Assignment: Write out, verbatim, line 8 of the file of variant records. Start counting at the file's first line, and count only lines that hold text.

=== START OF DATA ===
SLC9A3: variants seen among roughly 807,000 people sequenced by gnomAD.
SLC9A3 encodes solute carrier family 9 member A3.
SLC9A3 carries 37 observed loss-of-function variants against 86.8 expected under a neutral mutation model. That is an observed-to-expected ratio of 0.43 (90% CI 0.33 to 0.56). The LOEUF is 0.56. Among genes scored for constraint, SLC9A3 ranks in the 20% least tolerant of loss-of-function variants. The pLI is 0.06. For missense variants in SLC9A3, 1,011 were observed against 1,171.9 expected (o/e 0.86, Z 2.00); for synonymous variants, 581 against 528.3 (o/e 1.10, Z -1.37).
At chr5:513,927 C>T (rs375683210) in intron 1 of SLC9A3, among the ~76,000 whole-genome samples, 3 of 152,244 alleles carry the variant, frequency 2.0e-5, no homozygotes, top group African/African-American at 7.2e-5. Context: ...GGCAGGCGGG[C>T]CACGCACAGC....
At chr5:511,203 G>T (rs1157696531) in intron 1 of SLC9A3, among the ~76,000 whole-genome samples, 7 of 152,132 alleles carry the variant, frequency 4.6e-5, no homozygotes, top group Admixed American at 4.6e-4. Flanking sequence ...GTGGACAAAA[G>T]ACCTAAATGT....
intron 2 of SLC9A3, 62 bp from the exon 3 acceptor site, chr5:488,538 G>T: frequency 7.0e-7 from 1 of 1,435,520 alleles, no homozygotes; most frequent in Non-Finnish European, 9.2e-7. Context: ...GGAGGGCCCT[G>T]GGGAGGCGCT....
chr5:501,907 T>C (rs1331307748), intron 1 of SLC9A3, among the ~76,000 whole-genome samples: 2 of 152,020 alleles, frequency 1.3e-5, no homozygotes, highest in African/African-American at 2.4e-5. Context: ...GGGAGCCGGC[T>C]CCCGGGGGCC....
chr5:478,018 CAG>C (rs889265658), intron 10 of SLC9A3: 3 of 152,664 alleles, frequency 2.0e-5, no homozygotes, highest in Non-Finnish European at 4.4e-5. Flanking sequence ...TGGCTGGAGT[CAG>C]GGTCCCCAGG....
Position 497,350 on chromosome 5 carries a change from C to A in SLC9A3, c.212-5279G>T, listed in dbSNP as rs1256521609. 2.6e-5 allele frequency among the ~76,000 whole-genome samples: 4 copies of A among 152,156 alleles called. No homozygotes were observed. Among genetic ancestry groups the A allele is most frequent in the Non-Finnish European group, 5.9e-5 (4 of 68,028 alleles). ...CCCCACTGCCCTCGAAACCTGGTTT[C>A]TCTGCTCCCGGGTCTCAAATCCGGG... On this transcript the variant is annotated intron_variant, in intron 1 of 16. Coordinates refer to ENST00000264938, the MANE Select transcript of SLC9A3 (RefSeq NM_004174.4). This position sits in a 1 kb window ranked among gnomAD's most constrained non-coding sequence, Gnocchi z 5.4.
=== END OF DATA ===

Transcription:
chr5:478,018 CAG>C (rs889265658), intron 10 of SLC9A3: 3 of 152,664 alleles, frequency 2.0e-5, no homozygotes, highest in Non-Finnish European at 4.4e-5. Flanking sequence ...TGGCTGGAGT[CAG>C]GGTCCCCAGG....